Hey everyone! I’m Elif. The game designer of Swaps and Traps, which is an upcoming 2D platformer for PC. This post is about balancing the ups and downs of game development process based on the past three years of our lives with Swaps and Traps.
In addition to being a developer, I’ve also worked as the program manager of a pre-incubation center in Turkey, which supports indie game developers only. My personal experience with hundreds of developers and dozens of teams showed me some common patterns in all of us. Here are the major ones, including how we handled them during the development of Swaps and Traps.
Does your team have a roadmap? Do you all have the same vision? Are you sure if you are all moving forward to the same game?
I’m not just talking about design details. I’m talking about the overall progress.
When you decide to go for it, sit down, have a cup of coffee and have a piece of paper for each team member. Noone else is allowed in this session, it’s important to have the team members only. ;)
Without checking each others’ answers, fill your opinions to below questions:
After answering the above questions, see which ones you agree on, and which ones you think differently. This will walk you through the inital setting of a healthy project. You don’t have to know each detail on your roadmap. But be sure to have one.
Business Partners vs Friends
This is one of the first things you should talk even before you call yourselves a team of developers.
You don’t have to be a corporate entity or a company to have an agreement. You don’t even have to have a team name. But it is important to accept and express that you are all working together with common goals and mutual responsibilities. It just takes a couple of minutes but trust me, it saves years:
When things get rough, it is possible to lose sight of our partnerships. And you won’t of course have a copy of this “agreement” whenever you have a problem. It doesn’t work like that. But this exercise is not about the future. It is about beginnings that set the right direction. You will feel better, communicate better and progress better if you talk to each other and know each others’ expectations. Writing is necessary just to ensure that you won’t cut it short and you all shape the same dough. If you do this, you won’t hesitate to communicate when time comes.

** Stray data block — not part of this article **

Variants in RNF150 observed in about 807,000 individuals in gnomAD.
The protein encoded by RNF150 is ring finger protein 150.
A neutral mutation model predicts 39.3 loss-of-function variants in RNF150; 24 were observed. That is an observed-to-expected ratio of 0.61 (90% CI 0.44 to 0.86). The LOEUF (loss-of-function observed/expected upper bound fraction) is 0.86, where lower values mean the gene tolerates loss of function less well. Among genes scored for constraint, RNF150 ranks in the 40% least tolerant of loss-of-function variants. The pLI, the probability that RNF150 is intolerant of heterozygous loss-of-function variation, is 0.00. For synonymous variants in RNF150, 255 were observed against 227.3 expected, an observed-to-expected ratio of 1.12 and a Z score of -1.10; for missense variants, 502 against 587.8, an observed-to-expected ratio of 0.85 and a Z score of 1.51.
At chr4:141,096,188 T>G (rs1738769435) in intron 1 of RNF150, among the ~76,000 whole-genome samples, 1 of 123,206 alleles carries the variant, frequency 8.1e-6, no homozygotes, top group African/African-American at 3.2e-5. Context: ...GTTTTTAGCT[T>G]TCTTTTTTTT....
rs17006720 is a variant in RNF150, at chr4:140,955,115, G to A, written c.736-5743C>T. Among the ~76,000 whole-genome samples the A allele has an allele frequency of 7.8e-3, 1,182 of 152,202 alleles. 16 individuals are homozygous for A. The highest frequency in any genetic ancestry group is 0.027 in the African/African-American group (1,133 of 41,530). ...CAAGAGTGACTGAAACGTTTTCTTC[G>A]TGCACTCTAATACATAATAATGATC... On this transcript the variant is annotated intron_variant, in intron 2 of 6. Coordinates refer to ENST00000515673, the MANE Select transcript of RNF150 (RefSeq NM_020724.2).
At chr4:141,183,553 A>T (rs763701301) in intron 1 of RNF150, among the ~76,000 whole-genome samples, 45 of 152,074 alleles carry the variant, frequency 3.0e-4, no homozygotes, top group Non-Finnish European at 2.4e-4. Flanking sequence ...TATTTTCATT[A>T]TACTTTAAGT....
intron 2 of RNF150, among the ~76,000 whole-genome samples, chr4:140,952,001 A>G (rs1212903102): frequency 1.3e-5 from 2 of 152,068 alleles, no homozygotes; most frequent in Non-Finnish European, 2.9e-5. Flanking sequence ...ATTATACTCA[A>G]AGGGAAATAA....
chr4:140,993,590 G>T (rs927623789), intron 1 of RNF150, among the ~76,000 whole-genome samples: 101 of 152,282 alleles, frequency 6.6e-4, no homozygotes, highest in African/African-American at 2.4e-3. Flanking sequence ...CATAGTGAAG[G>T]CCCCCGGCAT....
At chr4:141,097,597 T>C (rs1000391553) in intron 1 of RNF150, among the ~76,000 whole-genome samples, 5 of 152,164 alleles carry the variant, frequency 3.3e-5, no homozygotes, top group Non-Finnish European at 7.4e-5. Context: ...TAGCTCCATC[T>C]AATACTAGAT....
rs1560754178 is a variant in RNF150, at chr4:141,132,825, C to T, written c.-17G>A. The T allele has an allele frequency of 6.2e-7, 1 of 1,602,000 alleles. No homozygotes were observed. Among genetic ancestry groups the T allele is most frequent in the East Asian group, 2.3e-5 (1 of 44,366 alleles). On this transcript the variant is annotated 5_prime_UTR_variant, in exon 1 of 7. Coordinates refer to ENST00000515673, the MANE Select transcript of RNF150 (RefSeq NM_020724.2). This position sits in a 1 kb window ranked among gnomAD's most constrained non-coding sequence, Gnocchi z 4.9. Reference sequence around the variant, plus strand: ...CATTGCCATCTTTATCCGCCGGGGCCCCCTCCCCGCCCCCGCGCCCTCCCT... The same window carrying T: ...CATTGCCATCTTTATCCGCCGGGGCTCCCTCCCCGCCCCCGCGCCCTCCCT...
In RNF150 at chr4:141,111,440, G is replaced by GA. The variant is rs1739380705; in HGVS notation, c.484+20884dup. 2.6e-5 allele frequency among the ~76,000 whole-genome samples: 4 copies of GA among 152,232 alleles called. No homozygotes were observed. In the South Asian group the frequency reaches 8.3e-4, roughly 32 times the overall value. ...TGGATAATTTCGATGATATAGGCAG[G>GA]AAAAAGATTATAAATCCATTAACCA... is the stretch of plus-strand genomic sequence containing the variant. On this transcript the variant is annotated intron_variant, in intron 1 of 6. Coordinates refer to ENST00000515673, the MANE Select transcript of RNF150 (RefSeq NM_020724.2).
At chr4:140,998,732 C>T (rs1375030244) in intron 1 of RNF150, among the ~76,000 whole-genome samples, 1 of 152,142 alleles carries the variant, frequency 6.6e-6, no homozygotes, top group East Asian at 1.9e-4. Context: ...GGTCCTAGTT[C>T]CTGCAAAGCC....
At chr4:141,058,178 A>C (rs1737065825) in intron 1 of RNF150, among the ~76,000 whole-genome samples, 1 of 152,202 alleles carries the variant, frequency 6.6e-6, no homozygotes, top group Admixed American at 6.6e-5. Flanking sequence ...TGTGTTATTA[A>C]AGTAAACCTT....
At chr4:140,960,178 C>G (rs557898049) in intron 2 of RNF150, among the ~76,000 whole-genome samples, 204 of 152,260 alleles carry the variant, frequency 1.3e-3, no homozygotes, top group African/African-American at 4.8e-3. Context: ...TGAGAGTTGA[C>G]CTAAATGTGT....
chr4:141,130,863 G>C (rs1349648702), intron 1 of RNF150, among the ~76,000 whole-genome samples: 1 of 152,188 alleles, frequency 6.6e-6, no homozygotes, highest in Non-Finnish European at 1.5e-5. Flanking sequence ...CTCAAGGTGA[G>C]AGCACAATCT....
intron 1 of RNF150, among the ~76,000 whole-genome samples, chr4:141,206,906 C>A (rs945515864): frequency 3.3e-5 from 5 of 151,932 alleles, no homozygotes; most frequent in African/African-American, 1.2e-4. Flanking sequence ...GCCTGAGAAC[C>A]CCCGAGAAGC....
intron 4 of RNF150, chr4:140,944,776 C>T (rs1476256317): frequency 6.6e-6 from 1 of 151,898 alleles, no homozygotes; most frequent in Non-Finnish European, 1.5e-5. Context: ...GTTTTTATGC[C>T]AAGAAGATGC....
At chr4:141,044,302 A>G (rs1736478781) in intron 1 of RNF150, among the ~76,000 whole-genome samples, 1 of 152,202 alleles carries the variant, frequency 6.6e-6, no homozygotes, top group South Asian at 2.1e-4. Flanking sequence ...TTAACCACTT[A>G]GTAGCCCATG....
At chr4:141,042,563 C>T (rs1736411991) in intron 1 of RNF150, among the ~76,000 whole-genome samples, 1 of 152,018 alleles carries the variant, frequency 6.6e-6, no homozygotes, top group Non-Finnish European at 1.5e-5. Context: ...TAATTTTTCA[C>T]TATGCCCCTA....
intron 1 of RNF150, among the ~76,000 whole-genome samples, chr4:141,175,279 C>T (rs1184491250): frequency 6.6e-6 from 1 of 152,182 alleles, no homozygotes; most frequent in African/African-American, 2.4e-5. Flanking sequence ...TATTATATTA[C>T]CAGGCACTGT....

We get mad at each other. We sometimes get angry when one of us delays a task or does the job poorly. But we never let it become a silent issue that just drags all the team down. We talk. Whatever you do, talk. It will solve your situation, but above that it will save your friendship.
I witnessed more than enough teams breaking up, and friends falling apart just because they didn’t talk. They talked to a lot of people, but not to each other. Ego avoids confrontation. We feel exposed. We take it as a personal attack. Take care of this as early as you can, or you might probably end up talking about unfinished games over and over again. I have the perfect exercise for this in the last section. ;)
Tasks from Hell
If you talk to other teams, you will probably learn that they tried different methods and tools to manage tasks. And most of the time none of it works efficiently, or as expected.
You can define deadlines, put milestones, have weekly sprints and daily stand ups. You can use whiteboards, advanced management software, casual apps, stickers on walls.
These are just tools, and will never work if you don’t “manage” the process. We were all working in different full time jobs for the most of Swaps and Traps development. It is highly difficult to keep track of your tasks when you spend most of your day with other things in your mind. But this is the key. Your job is to manage the team, not the tasks. Your priority is to lead the team to the right direction in order to check more tasks on that list.
Here are some tips based on our process:
Everyone Has Problems
This is not just some regular generalization. We all read, watch or listen to other developers sharing their stories. We always try to learn something from each other, mostly just because we don’t want to live what they’ve gone through. We sometimes tell ourselves “we are a better team” or “pffftt, that’s rubbish, just focus on developing”... But that’s not life, is it?
I think the most important thing to get from each other’s story is the simplest one: